Who is Marsha Forest?
MARSHA SNYDERMAN FOREST
1942 – 2000
Marsha Forest was a remarkable leader, advocate and champion of inclusion for all. She passed on, June 2, 2000 after a 12 year battle with cancer. She continued to work and teach until weeks before her untimely death.
Because of her impact internationally, the Board of the Centre for Integrated Education and Community decided to change their name to The Marsha Forest Centre.
Marsha’s Spirit Moves On
This is the original ‘e-mail’ notice sent by Jack
on Saturday, June 3, 2000
When there is no easy way to ‘break the news’, straight truth is the best.
Marsha passed away at 11:30 PM on Friday, June 2, 2000 in her bed at home. She had slipped into a coma less than 24 hours earlier and passed in peace. She joins Father Pat, Shafik, Herb, Raniera, Maria, Bryce – and many more. The spirit of Inclusion is strong – and now requires one less air ticket to distribute support to all of you.
Many people have been concerned that we haven’t been writing much this last little while. Truthfully, it was partly because we have been out ‘doing things’, and partly because I was subconsciously afraid that if we either ‘made’ or announced any plans, it would upset our rather delicate balance with improving health.
On the weekend, our nearly two month reprieve with better health ended. The roller coaster surprised us with another plummet dive. Breathing problems have been constant, but until the weekend, Marsha was caning about, climbing stairs, walking in parks, going to a few movies, cooking a bit – generally returning to a modified full life. Thursday night we were at a Billy Connelly Show at Massey Hall. Friday night, we were guests at the OACL (Ontario Association of Community Living) annual event where we were presently with a stunning statue honouring us with their first Lifetime Achievement Award. Saturday we had Dim Sum downtown, and took in a movie. Saturday night, a persistent little cough would not stop. Sunday, there wasn’t enough ‘air’ to walk, so we ‘wheeled’ on the waterfront for two hours with Sheldon. Then things began to deteriorate physically.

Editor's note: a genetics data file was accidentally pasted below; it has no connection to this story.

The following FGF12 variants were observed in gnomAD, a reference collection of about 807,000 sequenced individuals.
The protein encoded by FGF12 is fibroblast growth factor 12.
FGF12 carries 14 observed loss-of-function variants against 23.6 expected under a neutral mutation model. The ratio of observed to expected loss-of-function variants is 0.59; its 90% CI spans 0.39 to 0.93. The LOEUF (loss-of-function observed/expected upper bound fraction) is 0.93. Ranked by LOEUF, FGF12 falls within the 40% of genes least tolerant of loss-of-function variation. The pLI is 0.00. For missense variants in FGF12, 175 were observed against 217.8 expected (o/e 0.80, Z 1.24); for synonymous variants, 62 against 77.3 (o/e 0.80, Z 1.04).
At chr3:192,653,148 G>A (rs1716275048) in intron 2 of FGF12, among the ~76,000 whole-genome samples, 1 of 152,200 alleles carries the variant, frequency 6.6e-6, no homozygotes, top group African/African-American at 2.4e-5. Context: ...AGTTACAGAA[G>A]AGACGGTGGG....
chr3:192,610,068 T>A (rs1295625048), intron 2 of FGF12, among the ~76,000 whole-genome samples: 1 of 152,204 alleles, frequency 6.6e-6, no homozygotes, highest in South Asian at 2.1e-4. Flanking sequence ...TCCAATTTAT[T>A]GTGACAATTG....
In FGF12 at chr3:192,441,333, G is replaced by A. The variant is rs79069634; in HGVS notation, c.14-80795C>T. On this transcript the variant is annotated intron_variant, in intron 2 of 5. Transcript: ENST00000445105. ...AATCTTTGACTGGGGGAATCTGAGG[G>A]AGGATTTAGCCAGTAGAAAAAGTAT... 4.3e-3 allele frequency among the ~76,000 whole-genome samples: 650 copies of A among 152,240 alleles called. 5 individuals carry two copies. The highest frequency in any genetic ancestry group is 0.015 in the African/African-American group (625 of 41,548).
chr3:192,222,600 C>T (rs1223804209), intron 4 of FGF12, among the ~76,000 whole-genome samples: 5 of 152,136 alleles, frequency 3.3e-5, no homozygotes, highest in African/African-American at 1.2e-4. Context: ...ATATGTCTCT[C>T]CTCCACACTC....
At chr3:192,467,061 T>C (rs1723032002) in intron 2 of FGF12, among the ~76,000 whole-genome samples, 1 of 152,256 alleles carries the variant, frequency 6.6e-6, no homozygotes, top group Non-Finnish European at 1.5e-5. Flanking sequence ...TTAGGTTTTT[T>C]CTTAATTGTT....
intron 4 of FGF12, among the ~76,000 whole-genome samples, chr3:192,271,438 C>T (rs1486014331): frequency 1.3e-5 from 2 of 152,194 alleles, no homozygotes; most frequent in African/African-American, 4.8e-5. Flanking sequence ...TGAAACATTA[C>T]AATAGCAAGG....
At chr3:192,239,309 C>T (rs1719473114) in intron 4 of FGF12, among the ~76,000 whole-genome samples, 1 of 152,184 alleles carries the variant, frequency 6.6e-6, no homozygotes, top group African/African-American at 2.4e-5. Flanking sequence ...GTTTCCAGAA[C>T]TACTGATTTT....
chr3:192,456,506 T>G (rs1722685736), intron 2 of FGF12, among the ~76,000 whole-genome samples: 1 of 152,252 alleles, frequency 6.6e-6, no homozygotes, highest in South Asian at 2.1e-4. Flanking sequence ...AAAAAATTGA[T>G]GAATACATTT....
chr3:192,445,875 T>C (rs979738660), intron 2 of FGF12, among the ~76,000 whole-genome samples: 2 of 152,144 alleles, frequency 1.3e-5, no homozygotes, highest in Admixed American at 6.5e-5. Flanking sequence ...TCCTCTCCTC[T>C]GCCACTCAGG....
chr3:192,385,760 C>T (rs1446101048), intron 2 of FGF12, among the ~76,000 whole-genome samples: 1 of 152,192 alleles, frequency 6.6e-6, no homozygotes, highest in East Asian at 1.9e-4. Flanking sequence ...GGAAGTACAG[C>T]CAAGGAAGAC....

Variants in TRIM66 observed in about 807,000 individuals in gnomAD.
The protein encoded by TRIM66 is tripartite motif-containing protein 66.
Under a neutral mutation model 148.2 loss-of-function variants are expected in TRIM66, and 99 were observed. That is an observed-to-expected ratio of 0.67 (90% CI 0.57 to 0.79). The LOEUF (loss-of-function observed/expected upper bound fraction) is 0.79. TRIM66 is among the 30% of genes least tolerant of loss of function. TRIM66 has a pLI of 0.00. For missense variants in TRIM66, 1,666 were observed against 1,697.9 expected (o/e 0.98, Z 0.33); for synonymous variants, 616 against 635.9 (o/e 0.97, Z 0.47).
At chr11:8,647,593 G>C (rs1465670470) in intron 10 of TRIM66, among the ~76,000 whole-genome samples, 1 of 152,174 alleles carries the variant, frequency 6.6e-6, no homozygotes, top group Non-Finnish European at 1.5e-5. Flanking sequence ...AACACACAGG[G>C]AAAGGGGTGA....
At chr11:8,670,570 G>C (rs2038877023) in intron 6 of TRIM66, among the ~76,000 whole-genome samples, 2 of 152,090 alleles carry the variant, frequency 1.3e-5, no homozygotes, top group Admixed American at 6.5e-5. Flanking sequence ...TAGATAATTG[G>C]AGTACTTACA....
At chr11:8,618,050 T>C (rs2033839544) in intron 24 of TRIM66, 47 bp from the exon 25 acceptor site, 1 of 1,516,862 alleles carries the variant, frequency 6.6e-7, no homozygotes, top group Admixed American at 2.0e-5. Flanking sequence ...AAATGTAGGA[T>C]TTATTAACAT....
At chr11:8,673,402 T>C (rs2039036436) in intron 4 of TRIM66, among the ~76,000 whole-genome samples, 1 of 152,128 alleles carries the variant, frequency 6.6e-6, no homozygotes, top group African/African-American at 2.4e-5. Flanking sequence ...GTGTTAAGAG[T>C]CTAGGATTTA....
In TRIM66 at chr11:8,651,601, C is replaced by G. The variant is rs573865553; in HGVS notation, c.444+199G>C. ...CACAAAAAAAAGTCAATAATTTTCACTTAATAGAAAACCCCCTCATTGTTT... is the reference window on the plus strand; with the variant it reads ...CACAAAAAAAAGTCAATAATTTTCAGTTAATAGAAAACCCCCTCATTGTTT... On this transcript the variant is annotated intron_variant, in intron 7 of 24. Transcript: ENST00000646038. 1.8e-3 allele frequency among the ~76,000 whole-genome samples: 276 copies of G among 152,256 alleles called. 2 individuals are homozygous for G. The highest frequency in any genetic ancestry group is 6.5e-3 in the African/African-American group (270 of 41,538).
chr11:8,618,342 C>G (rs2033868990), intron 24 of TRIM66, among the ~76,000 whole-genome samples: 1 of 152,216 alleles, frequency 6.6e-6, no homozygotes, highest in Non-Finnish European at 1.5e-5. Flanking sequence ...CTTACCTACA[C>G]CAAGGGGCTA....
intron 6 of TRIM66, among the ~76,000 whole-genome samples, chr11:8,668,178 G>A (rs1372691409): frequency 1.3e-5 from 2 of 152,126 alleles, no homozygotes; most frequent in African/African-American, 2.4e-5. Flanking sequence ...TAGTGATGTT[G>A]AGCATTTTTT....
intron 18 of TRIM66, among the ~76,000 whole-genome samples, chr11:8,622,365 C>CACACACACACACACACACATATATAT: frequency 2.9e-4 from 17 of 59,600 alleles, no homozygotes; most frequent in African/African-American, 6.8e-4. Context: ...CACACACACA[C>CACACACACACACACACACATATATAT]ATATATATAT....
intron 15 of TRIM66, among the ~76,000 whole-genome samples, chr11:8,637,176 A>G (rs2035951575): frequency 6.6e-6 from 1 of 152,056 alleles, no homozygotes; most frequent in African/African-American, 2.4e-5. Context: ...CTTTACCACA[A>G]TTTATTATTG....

We had a parade of doctors on Monday, Tuesday and Thursday. Caring, sympathetic, open to listening, we were well treated. But after three days of ‘looking’, the ‘western medical’ system offered no further helpful interventions. Not only did we not want to consider more chemo, it was the consensus that there was no point. Radiation does not work when there is water in the lungs; the water absorbs the radiation. Even the very temporary physical draining of the lung cavity water by needle (aspirating) was considered too invasive and risky.
Yesterday afternoon (Thursday), after returning from the Cancer clinic appointment, Marsha was both physically and emotionally exhausted. We carried her upstairs to bed. She collapsed and went to sleep. She slept the night through.
This morning (Friday) I let her sleep, and when a nurse friend, Betty Currie from Winnipeg arrived for a visit, we decided to wake her and give her a bath. We were unable to wake her. She had slipped into a comfortable coma during the night, and was sleeping comfortably.
Neil arrived and managed our front steps – his first mountain since his triple bi-pass. Dave, Cathy, Barbara, Sandra, Rudy, Victoria, Rose and others arrived throughout the day and spent time in uninterupted chats with Marsha. Dr. Pariser came, and our Palliative care nurse, Samantha. It was serene, peaceful, and gently dignified.
Betty and I were about to give Marsha another back rub at 11:30 when we noticed a visible shift in her breathing. And then it stopped.
Marsha was wearing her father’s Tallith (prayer shawl) on her shoulder – and her teddy bear tucked under arm. I was holding her hand.
Our immediate plans are simple.
Marsha will be cremated quickly and without a public ceremony as she directed.
We will be remembering her, ‘sitting shiva’ at our house this week, and friends are welcome to drop in and share their favourite stories, or remember Marsha where ever you are in any way you feel appropriate.
At a time to be determined, there will be a Memorial Service to honour and acknowledge Marsha’s unique contribution and capacity to share.
[We held a unique celebration of Marsha’s life at the Great Hall, Hart House, University of Toronto on Saturday Oct. 7, 2000]